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What does an Astrophysicist do?

By D. Jeffress
Updated Mar 02, 2024
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An astrophysicist is a scientist who researches the principles of light, motion, and natural forces as they pertain to the universe at large. He or she engages in theoretical physics studies in an attempt to learn more about the underlying properties of the cosmos. Many specialize in studying a particular phenomenon or theory, such as black holes, the development and extinction of stars, relativity and motion, or the origin of the universe.

Almost every past and present culture has attempted to explain the nature of the cosmos and determine how we came into existence. Astrophysicists incorporate their extensive knowledge of mathematical and physical properties with observable characteristics and to form modern explanations. Scientists frequently dedicate long, tiring hours to conducting trial and error mathematics and reviewing the work performed by their colleagues. So much is unknown or uncertain about the universe that it is not uncommon for a scientist to spend the majority of his or her career investigating a single astronomical circumstance. For example, many scientists have dedicated decades of their professional lives to forming the Big Bang theory, an concept that is now strongly supported yet still not fully understood.

Once an astrophysicist discovers an important trait or forms a valid theoretical explanation, he or she typically presents such information in a formal scientific paper. To become widely accepted, a theory is often subjected to strict peer reviews and tested rigorously by scientific committees. When possible, new theoretical principles or formulas are applied in practical laboratory tests to further support their validity.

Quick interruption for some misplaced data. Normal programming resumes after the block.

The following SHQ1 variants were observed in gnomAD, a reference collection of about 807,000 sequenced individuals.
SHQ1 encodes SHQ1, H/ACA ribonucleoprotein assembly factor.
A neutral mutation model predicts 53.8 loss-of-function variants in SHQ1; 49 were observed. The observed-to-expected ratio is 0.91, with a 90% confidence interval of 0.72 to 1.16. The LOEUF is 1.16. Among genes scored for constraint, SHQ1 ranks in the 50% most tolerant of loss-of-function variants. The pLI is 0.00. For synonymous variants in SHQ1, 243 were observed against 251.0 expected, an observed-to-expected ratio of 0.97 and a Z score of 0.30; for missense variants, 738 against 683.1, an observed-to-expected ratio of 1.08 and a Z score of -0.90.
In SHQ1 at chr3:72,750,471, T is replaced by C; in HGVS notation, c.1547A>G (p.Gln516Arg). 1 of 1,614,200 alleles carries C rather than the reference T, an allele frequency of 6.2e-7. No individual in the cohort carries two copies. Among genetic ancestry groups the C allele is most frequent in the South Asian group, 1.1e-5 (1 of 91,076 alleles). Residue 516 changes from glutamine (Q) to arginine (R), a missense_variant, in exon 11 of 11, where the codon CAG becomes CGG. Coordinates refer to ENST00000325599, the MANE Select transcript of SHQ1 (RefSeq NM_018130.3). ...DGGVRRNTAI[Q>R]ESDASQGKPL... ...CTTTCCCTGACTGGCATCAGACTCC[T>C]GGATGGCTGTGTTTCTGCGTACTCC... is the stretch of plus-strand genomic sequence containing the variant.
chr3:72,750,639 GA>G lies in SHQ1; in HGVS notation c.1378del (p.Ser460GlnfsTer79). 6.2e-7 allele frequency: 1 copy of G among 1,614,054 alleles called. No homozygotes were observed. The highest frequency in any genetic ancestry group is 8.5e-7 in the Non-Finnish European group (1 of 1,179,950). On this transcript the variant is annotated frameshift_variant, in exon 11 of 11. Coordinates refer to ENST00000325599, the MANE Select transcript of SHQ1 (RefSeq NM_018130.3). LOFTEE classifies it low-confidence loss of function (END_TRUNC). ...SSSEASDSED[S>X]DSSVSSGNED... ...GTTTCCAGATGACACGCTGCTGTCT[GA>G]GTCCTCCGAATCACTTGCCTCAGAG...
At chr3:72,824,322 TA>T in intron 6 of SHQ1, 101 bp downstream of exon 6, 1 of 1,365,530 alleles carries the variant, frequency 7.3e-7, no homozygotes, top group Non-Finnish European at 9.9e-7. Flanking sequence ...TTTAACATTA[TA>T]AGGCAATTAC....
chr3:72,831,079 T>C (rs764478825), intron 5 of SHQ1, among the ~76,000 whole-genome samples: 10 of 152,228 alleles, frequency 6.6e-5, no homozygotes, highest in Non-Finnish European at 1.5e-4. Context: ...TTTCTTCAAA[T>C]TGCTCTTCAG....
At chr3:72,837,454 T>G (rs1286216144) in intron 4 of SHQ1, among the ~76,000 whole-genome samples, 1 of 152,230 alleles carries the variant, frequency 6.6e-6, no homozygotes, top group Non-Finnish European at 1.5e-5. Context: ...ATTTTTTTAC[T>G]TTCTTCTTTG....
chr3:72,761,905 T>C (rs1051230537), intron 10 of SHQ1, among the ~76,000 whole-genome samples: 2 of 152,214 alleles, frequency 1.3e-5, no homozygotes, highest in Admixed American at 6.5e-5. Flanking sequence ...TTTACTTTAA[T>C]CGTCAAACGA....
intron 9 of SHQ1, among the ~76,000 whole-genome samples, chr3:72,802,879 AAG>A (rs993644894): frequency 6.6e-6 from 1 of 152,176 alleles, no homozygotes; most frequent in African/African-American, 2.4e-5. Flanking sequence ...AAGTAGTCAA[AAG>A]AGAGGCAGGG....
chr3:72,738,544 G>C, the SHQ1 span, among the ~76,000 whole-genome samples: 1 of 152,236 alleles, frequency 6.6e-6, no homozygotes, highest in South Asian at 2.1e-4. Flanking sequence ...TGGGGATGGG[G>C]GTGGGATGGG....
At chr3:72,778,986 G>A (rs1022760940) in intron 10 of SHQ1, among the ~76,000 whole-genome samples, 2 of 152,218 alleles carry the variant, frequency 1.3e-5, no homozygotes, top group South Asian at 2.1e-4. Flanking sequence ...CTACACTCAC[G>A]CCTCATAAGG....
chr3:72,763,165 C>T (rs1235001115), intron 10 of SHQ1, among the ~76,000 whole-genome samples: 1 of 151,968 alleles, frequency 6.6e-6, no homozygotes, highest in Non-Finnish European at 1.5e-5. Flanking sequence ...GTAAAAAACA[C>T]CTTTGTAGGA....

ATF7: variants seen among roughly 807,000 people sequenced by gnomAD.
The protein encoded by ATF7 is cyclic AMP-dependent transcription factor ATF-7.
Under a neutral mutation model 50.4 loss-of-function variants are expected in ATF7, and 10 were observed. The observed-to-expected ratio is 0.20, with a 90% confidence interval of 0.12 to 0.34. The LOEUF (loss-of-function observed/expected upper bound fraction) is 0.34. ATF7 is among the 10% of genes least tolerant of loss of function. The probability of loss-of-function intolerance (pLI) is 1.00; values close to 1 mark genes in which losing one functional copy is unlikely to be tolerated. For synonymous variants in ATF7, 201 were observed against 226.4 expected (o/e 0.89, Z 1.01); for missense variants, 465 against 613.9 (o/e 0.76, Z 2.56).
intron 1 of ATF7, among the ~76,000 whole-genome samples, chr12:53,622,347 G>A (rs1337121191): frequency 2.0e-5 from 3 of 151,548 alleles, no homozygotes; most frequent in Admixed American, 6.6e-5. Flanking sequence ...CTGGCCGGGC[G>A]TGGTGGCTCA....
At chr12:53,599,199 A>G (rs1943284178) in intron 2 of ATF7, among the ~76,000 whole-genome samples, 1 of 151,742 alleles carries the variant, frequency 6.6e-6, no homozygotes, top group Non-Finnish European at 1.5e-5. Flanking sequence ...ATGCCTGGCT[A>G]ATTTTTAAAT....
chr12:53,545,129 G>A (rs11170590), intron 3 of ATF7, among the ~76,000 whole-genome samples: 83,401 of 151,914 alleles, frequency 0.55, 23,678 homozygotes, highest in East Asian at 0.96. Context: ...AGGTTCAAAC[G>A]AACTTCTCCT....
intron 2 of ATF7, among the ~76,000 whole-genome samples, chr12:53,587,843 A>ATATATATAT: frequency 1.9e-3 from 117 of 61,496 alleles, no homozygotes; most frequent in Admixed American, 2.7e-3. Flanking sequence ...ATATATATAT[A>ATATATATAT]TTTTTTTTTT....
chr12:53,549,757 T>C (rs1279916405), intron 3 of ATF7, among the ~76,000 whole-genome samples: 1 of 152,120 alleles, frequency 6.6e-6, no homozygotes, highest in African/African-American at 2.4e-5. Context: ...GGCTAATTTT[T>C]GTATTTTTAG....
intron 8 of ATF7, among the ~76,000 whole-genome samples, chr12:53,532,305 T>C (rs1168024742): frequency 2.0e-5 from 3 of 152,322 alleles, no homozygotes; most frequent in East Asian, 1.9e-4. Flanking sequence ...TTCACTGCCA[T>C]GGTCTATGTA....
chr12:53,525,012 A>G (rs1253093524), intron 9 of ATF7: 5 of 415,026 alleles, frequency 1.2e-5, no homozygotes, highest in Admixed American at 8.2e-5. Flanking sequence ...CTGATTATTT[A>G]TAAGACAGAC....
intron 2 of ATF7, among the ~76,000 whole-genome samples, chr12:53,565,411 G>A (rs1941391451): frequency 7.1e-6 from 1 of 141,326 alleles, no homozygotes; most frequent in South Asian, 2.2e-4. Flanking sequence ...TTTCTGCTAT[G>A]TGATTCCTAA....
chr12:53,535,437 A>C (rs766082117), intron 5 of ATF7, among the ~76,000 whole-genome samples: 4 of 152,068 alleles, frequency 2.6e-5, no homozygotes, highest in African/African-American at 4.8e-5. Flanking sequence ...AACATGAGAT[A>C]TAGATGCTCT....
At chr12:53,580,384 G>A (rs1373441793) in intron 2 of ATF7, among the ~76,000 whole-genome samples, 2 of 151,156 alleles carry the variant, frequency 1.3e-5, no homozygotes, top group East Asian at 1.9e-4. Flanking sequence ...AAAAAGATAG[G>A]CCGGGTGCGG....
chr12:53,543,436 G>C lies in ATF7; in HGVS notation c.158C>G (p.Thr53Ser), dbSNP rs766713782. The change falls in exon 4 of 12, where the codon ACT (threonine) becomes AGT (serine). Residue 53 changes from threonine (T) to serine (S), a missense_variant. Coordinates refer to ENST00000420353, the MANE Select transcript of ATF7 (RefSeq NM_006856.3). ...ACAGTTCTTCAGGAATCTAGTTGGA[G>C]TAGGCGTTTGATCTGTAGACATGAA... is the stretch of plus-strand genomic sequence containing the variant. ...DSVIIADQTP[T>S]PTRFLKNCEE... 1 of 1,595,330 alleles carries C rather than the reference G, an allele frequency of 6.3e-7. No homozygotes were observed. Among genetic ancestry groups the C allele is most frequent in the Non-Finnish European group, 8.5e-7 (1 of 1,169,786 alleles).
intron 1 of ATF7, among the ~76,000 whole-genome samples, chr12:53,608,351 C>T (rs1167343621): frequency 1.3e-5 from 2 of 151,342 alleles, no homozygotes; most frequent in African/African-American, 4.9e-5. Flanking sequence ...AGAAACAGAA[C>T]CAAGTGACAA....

To become an astrophysicist, a person must typically receive a PhD in astrophysics or astronomy from an accredited university. After completing educational requirements, he or she may assume a fellowship or internship position at a research institution or university. Post-doctoral research programs, which usually last one to three years, allows the individual to gain valuable firsthand experience about laboratory and theoretical research techniques by assisting and observing established scientists. Interns and fellows learn how to conduct research, apply for grants, and write scientific papers.

Most scientists in this field conduct independent research at home or in a private research institution. Some choose to become professors at colleges and universities, where they teach mathematics, physics, and astronomy courses to the next generation of scientists. They might opt to work in a research and development laboratory at a biotechnology company, putting their advanced knowledge of motion and energy to use in practical technology applications.

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Discussion Comments
By anon969602 — On Sep 11, 2014